These fotos show the two offside tie downs.  The result is the front end of the bike is tied down to the workbench.  The back of the bike is not tied down. 


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wobblywalrus
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« Reply #3098 on: August 13, 2018, 11:56:43 PM »

A level is clamped to the side of the main frame tube near the steering head.  The tie downs are adjusted so the bubble is in the middle of the sight glass.  Now the front end of the bike is plumb. (The side of the main tube goes straight up-and-down.)

Tomorrow this procedure will continue. 


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wobblywalrus
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« Reply #3099 on: August 15, 2018, 09:48:45 AM »

Now a bottle jack is placed under the engine, a vertical bar is clamped onto the rear wheel, and another level is attached to the vertical bar.  These bolts are loosened:  the swing arm pivot, the three outrigger bolts on each side, the two front and rear upper engine mount bolts, the two cylinder head stay bolts, the lower rear engine mount bolt with its the two stay plate bolts on each side, the lower front engine mount bolt, the four bolts holding the lower frame tube bracket to the tubes (in front of the engine), and the eight bolts holding the lower frame tubes to the main frame.  There are 29 bolts, total, to be loosened.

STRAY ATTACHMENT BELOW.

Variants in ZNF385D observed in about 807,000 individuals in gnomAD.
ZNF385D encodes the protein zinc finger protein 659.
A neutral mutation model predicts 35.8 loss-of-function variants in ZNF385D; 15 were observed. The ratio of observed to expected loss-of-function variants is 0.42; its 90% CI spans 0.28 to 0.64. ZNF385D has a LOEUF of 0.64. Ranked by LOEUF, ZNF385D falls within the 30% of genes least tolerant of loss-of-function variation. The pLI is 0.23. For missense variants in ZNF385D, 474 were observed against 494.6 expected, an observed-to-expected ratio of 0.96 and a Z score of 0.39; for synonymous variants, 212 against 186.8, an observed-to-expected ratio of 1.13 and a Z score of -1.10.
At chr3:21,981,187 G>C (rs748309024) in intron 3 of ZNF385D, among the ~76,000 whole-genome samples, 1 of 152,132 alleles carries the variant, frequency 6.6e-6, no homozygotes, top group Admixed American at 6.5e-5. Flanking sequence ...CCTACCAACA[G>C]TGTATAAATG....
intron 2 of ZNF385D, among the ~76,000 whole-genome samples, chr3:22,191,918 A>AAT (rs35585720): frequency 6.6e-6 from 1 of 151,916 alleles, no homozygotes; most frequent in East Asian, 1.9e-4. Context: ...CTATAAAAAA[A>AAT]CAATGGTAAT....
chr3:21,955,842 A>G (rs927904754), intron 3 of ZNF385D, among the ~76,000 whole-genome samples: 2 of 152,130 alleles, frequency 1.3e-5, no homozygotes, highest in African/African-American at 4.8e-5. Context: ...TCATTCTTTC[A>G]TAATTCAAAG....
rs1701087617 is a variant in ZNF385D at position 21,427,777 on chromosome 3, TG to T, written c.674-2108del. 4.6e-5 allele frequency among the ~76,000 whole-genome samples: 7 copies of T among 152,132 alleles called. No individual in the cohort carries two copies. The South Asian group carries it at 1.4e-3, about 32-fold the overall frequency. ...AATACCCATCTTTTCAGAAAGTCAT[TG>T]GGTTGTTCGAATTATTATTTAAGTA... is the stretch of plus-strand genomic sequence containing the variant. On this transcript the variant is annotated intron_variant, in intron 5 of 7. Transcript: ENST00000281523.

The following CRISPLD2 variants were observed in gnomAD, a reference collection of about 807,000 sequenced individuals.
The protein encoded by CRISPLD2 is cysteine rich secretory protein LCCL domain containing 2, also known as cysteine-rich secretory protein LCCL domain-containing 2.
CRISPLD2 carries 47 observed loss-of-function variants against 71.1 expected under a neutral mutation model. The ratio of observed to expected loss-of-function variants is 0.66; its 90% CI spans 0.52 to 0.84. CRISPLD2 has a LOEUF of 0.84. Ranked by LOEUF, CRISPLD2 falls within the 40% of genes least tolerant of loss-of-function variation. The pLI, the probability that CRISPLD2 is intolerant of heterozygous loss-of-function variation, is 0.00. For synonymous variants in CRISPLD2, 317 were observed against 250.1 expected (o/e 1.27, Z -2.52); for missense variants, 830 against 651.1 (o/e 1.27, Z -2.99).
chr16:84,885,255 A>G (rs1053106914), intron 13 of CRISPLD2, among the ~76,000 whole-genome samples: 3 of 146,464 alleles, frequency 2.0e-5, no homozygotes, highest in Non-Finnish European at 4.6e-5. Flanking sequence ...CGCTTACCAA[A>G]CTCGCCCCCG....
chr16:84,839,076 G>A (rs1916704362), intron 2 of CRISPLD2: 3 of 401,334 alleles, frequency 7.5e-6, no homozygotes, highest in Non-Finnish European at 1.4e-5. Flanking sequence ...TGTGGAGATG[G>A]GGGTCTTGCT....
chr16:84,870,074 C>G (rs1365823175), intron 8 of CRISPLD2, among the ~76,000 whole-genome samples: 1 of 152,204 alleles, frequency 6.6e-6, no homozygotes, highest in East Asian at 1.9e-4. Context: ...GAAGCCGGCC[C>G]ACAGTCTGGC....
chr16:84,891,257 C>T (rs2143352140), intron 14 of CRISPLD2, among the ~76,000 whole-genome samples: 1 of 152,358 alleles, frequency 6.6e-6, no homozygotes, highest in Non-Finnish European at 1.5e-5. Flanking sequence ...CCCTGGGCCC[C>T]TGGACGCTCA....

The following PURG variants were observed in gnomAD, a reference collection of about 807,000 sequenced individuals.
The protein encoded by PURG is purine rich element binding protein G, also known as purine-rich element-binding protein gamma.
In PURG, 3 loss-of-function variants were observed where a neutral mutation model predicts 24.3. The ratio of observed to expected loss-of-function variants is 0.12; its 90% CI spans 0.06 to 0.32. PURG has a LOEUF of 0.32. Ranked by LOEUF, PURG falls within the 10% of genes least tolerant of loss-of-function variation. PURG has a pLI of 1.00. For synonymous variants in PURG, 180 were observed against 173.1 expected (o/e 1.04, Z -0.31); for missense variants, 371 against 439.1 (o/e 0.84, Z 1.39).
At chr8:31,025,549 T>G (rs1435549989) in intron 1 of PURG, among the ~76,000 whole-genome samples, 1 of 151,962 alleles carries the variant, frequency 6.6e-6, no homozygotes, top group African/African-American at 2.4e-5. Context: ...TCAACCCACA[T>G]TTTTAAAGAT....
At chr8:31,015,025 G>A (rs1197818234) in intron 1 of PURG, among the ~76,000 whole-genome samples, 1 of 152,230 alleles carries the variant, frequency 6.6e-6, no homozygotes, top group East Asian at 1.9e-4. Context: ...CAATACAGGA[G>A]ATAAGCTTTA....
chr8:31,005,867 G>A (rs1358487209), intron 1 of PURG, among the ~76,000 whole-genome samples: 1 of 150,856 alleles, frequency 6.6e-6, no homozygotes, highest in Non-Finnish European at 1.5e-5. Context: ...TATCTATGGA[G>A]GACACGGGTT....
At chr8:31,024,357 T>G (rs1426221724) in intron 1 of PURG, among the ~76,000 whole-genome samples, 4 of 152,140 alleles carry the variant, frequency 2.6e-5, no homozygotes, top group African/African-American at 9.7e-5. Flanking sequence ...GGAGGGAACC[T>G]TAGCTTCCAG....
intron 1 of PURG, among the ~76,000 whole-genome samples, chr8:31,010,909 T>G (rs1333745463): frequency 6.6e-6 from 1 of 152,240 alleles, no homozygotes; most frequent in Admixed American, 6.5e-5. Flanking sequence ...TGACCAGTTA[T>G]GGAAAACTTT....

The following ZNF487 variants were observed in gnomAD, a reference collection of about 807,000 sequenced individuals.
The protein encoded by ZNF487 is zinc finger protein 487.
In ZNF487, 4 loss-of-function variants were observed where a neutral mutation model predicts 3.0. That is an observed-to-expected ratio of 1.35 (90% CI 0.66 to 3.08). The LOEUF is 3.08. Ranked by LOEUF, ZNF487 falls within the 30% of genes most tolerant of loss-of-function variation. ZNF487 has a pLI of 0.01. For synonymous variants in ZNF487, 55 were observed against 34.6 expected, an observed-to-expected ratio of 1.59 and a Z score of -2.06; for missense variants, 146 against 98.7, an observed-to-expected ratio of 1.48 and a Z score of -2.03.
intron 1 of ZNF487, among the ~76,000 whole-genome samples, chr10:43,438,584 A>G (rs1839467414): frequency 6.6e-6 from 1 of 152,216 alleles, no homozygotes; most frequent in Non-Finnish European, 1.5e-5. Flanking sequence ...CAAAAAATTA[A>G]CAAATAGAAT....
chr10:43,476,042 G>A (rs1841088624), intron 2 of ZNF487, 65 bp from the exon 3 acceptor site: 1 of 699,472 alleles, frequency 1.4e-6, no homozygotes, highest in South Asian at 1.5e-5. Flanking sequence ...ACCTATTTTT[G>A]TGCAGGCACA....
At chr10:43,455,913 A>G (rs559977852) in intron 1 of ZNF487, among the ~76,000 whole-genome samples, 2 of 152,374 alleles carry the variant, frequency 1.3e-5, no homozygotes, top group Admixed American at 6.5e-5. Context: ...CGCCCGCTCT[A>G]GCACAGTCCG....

All of these bolts go through holes that are larger diameter than their shanks.  The rear wheel can be tilted from side to side when all are loose.  There is enough slop in the system to allow this.  The important thing is to tighten all of the bolts when the rear tire and the side of the main frame tube near the steering head are plumb.

   


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wobblywalrus
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« Reply #3100 on: August 15, 2018, 10:05:14 AM »

Some sort of way to hold the rear wheel in plumb is needed.  Two ratchet straps are used with the top ends connected to the top of the vertical bar and the lower ends attached to eye loops on either side of the work bench.  The straps holding the front of the bike to the bench and the straps to the bar are adjusted until the bubbles are centered on both levels.  Nw all 29 bolts are tightened in the sequence described in the Triumph shop manual.